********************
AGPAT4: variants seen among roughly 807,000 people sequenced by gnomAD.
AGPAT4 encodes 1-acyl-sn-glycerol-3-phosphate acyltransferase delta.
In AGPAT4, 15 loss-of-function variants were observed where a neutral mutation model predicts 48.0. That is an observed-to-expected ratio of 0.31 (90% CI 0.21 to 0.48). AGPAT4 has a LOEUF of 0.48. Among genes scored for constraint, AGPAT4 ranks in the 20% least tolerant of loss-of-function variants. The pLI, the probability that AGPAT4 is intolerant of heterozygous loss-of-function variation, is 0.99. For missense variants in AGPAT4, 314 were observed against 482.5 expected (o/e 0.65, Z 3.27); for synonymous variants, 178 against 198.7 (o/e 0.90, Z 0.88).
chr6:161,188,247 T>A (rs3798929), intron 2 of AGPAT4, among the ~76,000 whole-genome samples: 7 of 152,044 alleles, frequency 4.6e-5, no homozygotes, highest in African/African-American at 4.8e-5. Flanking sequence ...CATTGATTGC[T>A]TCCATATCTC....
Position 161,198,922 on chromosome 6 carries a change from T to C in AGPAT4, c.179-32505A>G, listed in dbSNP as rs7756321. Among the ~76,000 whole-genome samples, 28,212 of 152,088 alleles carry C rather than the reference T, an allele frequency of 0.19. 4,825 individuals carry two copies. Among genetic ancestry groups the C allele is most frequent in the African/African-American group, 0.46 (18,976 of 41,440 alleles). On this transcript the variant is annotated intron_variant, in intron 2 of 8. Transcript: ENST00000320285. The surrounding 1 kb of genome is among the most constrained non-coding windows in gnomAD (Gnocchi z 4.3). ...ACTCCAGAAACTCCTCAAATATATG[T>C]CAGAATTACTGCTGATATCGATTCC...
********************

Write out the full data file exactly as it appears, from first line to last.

AGPAT4: variants seen among roughly 807,000 people sequenced by gnomAD.
AGPAT4 encodes 1-acyl-sn-glycerol-3-phosphate acyltransferase delta.
In AGPAT4, 15 loss-of-function variants were observed where a neutral mutation model predicts 48.0. That is an observed-to-expected ratio of 0.31 (90% CI 0.21 to 0.48). AGPAT4 has a LOEUF of 0.48. Among genes scored for constraint, AGPAT4 ranks in the 20% least tolerant of loss-of-function variants. The pLI, the probability that AGPAT4 is intolerant of heterozygous loss-of-function variation, is 0.99. For missense variants in AGPAT4, 314 were observed against 482.5 expected (o/e 0.65, Z 3.27); for synonymous variants, 178 against 198.7 (o/e 0.90, Z 0.88).
chr6:161,188,247 T>A (rs3798929), intron 2 of AGPAT4, among the ~76,000 whole-genome samples: 7 of 152,044 alleles, frequency 4.6e-5, no homozygotes, highest in African/African-American at 4.8e-5. Flanking sequence ...CATTGATTGC[T>A]TCCATATCTC....
Position 161,198,922 on chromosome 6 carries a change from T to C in AGPAT4, c.179-32505A>G, listed in dbSNP as rs7756321. Among the ~76,000 whole-genome samples, 28,212 of 152,088 alleles carry C rather than the reference T, an allele frequency of 0.19. 4,825 individuals carry two copies. Among genetic ancestry groups the C allele is most frequent in the African/African-American group, 0.46 (18,976 of 41,440 alleles). On this transcript the variant is annotated intron_variant, in intron 2 of 8. Transcript: ENST00000320285. The surrounding 1 kb of genome is among the most constrained non-coding windows in gnomAD (Gnocchi z 4.3). ...ACTCCAGAAACTCCTCAAATATATG[T>C]CAGAATTACTGCTGATATCGATTCC...